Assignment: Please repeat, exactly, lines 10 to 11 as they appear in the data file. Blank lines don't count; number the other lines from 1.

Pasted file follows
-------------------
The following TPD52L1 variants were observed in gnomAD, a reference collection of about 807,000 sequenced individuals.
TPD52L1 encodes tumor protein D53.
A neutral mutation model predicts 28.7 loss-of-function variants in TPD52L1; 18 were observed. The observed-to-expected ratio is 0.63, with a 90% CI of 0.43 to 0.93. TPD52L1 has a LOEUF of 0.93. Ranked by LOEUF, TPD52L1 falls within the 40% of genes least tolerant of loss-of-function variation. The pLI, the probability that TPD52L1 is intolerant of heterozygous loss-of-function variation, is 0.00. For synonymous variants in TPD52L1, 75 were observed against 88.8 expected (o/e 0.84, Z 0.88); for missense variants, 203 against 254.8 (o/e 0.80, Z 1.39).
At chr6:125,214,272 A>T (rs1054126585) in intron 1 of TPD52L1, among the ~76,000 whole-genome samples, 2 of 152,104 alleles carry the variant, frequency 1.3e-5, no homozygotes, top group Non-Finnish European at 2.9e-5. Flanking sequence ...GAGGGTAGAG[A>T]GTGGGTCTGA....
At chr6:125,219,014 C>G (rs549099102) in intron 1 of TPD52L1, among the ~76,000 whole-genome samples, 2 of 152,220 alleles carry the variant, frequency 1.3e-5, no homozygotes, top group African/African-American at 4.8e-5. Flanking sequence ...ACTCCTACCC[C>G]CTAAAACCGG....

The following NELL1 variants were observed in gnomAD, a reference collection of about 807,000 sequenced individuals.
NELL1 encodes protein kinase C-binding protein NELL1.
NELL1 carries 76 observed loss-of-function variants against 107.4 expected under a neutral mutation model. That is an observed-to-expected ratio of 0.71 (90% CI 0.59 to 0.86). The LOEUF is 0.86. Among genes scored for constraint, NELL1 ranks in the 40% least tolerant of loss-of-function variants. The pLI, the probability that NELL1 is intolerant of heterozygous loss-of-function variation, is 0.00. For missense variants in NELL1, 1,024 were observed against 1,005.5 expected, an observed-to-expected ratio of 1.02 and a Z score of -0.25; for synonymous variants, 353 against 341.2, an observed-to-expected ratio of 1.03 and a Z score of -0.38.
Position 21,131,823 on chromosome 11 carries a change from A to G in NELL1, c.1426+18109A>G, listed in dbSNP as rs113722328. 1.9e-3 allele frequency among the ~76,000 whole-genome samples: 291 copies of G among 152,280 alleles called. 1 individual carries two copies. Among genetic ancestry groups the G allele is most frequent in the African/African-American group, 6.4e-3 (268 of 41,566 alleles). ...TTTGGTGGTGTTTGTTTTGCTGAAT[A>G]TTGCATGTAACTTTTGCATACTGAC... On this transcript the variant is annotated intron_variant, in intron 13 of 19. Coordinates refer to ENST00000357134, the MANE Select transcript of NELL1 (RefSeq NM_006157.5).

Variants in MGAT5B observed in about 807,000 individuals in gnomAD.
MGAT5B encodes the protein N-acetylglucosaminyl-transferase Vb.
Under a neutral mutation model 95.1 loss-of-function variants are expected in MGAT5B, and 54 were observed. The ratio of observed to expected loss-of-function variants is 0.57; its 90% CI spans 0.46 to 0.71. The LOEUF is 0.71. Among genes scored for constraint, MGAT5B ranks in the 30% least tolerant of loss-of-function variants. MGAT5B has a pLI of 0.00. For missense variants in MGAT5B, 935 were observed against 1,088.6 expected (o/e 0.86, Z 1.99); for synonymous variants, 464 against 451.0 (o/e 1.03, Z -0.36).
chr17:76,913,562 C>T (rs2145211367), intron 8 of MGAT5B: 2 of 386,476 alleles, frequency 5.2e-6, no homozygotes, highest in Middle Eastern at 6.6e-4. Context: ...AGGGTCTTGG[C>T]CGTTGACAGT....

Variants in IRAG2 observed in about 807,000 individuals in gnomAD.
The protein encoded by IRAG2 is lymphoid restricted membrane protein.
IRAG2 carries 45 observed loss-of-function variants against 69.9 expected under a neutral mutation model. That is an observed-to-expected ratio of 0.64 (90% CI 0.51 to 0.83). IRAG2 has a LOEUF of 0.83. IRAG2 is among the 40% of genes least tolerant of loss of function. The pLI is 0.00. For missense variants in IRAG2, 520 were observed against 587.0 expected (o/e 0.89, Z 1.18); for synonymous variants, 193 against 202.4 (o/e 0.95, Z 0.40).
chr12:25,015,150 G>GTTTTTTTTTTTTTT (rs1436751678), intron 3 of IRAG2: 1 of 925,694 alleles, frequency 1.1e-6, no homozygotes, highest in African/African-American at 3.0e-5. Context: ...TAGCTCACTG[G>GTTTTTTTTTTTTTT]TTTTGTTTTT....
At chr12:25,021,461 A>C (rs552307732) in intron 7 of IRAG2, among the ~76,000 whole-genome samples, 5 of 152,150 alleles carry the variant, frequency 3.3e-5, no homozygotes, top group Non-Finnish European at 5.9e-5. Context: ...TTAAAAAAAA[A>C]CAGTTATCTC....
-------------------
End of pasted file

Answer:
Variants in MGAT5B observed in about 807,000 individuals in gnomAD.
MGAT5B encodes the protein N-acetylglucosaminyl-transferase Vb.